I was recently reading an article about Inventor James Dyson. The article focuses on his story of reinventing a common household appliance, the vacuum. It shares his story and what it took to create a new product and to finally find people to believe in it. His invention has been a success and he has been involved in a number of other products as well.
In the article, Dyson shares some thoughts for people who are trying to bring a new idea to the marketplace.
As I read his thoughts, I thought that these would be valuable for anyone in leadership. These don’t just apply to products, but they also apply to ideas. As leaders, we need to be continually thinking about change, new ideas, evaluation, goals and methods.
Look at this list. This comes from Dyson’s book, “Against the Odds: An Autobiography”:
#1) Find inspiration outside your office
Great ideas don’t come from staring at a drawing board. Get out and look at things. When an idea comes, write it down and play with it until it works. Don’t sit and expect ideas to come.
#2) Think about the things you use every day
Although it is harder to improve a mature product, it’s worth a try.
#3) Don’t let “market research” get you down
Test and retest your product and believe only the evidence of your own eyes, not the formulas or other people’s opinions. You may have to fly in the face of public opinion.
#4) Keep making improvements
Constantly rethink and upgrade every aspect and function of your product, never being satisfied until you have solved every problem. The only way to keep possession of your invention is to keep strengthening it.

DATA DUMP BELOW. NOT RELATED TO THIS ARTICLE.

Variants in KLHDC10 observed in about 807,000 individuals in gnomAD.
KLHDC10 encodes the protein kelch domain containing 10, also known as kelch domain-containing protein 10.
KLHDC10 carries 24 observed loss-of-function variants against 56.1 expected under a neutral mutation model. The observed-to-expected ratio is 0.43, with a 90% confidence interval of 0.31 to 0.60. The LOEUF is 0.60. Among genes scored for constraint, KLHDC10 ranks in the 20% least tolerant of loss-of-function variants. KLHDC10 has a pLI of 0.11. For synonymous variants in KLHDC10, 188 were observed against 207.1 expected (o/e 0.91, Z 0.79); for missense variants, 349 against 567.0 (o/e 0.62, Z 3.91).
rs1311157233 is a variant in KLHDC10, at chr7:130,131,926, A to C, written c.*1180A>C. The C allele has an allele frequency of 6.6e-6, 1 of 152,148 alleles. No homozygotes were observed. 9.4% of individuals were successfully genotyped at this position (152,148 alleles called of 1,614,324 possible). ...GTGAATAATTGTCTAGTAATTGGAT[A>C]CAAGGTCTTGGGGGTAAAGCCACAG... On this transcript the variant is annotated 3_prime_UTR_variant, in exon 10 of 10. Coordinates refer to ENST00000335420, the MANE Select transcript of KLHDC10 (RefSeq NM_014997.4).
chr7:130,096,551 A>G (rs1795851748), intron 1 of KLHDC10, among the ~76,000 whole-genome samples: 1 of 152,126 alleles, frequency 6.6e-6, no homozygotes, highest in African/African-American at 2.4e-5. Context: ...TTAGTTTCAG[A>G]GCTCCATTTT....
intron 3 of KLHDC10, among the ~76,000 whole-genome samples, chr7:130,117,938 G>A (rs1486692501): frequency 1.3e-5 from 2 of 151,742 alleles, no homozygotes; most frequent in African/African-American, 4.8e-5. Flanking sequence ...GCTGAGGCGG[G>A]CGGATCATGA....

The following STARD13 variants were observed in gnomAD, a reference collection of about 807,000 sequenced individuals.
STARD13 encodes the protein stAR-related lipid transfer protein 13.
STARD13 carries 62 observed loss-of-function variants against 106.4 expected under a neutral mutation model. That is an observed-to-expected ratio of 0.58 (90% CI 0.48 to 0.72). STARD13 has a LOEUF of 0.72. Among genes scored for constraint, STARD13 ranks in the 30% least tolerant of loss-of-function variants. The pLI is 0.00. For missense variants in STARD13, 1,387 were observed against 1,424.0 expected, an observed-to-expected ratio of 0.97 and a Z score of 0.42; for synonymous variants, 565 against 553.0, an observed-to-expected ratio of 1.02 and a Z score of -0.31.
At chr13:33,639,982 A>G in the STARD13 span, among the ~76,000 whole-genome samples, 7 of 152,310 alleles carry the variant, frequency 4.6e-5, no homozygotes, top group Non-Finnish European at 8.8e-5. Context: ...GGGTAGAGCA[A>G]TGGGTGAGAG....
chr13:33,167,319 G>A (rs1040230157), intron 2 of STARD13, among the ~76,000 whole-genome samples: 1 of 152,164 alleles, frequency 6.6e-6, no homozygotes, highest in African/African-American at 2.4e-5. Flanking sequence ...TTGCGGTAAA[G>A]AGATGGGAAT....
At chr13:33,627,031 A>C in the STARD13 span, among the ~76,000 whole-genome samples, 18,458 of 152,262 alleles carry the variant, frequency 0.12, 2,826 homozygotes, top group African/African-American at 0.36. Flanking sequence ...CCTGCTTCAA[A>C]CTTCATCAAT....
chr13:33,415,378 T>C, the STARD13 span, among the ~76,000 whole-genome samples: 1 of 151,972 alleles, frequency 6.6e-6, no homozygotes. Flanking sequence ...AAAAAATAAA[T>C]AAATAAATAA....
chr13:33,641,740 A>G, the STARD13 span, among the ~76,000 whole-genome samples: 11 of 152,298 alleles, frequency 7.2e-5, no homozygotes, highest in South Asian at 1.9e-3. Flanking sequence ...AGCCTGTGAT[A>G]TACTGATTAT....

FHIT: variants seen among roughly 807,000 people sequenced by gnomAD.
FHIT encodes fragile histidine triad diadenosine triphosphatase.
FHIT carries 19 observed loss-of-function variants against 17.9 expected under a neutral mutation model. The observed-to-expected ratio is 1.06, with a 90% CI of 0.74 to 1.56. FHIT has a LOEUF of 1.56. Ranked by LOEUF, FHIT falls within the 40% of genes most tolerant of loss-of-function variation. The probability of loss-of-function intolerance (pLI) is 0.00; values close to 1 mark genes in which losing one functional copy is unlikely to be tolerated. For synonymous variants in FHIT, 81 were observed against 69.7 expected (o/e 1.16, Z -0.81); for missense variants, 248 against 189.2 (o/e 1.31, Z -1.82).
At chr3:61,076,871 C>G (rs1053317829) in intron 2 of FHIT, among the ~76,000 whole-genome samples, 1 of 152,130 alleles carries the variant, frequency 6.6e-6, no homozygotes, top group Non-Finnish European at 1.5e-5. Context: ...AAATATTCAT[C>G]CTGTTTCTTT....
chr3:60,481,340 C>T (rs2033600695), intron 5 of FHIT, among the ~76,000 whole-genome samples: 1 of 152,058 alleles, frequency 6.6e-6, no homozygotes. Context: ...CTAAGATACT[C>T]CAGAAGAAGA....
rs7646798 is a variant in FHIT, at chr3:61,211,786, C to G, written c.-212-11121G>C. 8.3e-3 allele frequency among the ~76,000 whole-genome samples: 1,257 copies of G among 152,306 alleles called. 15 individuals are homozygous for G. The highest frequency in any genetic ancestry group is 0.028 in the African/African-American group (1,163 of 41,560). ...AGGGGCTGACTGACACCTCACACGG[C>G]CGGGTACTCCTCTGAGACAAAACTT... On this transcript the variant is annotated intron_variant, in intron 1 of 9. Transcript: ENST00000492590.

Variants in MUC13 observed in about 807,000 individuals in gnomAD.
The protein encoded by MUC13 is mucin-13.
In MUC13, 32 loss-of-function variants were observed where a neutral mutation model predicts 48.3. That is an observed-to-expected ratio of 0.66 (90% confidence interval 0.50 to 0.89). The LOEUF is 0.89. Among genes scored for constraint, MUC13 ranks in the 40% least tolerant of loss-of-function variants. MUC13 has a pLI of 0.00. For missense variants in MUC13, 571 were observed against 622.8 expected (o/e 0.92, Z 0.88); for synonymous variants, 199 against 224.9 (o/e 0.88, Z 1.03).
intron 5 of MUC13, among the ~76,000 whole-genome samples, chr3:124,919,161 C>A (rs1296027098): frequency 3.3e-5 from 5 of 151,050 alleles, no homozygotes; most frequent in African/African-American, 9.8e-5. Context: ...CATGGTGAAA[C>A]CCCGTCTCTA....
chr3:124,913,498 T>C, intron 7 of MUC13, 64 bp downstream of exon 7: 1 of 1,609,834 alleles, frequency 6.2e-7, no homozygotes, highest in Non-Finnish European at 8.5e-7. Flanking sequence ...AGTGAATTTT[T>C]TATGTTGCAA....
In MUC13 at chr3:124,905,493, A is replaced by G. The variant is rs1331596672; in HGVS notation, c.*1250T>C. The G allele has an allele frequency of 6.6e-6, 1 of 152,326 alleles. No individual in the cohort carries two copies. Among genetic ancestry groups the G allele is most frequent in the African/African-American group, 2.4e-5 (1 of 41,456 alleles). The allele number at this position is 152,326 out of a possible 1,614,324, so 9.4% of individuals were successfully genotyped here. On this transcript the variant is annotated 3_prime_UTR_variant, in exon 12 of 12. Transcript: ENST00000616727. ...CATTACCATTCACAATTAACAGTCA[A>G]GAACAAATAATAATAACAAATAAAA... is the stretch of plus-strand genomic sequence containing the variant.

#5) Muster all your stamina and conviction
Developing and selling a product will take longer than you ever imagined.
#6) Do it yourself
It’s OK to be a control freak when it comes to your product. From your first idea, through research and development, testing, production, sales and marketing provided by the best companies such as the Nelson Marketing Agency, and finally into the homes of consumers, your product “is most likely to succeed if the original visionary sees it through.
Now, think about “Your Product”. What are you trying to get to potential consumers?
For those of us in non-profit leadership, our product is most likely a service or a message of hope. We need to work to get our product into the hands of as many people as possible, and as Dyson says, sometimes this will take more work than we ever dreamed possible.
But, it’s worth it all. We’ve got a product that people are desperate for. Keep working on more effective ways to deliver.